Origin of blowup
Words nearby blowup
How to use blowup in a sentence
The sepia blowups of crab fisherman, outside and in, are especially arresting.
At first, scarred by the online harassment she endured after the Tinder blowup, Wolfe Herd wanted to make an app where women could give each other compliments.How Whitney Wolfe Herd Turned a Vision of a Better Internet Into a Billion-Dollar Brand|Charlotte Alter/Austin|March 19, 2021|Time
Howard Kurtz on how she may have defused the Beijing blowup.Has Hillary Clinton Salvaged Deal to Bring Chen to U.S. Temporarily?|Howard Kurtz|May 4, 2012|DAILY BEAST
A blowup over a newly minted third party in Florida has become the latest to draw their ire.
For her part, Esters says she hasn't heard from Oprah since the blowup started.
Before the blowup on Earth, the galactics had made occasional landings to gather animals and seeds of food plants.The Ethical Way|Joseph Farrell
Actually we had the answer to protection during the Crazy Years before the blowup when everybody talked peace and built missiles.Noble Redman|Jesse Franklin Bone
Baker unrolled the first of his exhibits, a large photographic blowup.The Great Gray Plague|Raymond F. Jones
There could be a blowup that would throw Hub politics back into the kind of snarl they haven't been in for a hundred years.Legacy|James H Schmitz
They had a blowup last night, it seems, and she has stabbed him.The Story of Charles Strange Vol. 1 (of 3)|Mrs. Henry Wood
British Dictionary definitions for blowup
Other Idioms and Phrases with blowup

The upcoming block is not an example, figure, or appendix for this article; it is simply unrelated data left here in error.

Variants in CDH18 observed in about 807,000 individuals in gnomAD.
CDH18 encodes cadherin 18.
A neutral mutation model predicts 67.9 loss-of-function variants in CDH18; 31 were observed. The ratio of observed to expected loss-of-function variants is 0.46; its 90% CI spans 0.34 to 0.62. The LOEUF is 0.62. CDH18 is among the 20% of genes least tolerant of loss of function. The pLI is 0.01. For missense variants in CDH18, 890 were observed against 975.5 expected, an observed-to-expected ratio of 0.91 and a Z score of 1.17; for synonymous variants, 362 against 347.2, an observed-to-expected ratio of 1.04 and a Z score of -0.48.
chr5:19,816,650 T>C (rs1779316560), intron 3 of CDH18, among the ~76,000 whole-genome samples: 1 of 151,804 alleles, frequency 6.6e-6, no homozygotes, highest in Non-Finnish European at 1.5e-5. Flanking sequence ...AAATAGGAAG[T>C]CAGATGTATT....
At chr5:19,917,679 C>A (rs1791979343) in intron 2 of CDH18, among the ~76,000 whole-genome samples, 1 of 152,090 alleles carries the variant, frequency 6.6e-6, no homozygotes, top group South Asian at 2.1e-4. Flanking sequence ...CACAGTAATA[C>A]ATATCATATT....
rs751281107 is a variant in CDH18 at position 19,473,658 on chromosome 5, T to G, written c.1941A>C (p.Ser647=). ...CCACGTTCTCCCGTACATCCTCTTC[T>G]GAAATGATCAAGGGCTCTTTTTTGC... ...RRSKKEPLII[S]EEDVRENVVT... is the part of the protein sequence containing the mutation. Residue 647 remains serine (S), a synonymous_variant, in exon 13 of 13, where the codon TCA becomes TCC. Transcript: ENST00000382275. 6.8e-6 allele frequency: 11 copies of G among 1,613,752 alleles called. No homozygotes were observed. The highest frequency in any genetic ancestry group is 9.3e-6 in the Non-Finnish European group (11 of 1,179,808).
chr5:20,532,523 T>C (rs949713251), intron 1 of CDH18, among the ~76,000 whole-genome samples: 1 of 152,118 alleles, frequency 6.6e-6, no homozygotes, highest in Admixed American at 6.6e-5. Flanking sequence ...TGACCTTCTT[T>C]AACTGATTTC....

Explode or cause to explode. For example, The squadron was told to blow up the bridge, or Jim was afraid his experiment would blow up the lab. The term is sometimes amplified, as in blow up in one's face. [Late 1500s]
Lose one's temper, as in I'm sorry I blew up at you. Mark Twain used this metaphor for an actual explosion in one of his letters (1871): “Redpath tells me to blow up. Here goes!” [Colloquial; second half of 1800s]
Inflate, fill with air, as in If you don't blow up those tires you're sure to have a flat. [Early 1400s]
Enlarge, especially a photograph, as in If we blow up this picture, you'll be able to make out the expressions on their faces. [c. 1930]
Exaggerate the importance of something or someone, as in Tom has a tendency to blow up his own role in the affair. This term applies the “inflate” of def. 3 to importance. It was used in this sense in England from the early 1500s to the 1700s, but then became obsolete there although it remains current in America.
Collapse, fail, as in Graduate-student marriages often blow up soon after the couple earn their degrees. [Slang; mid-1800s]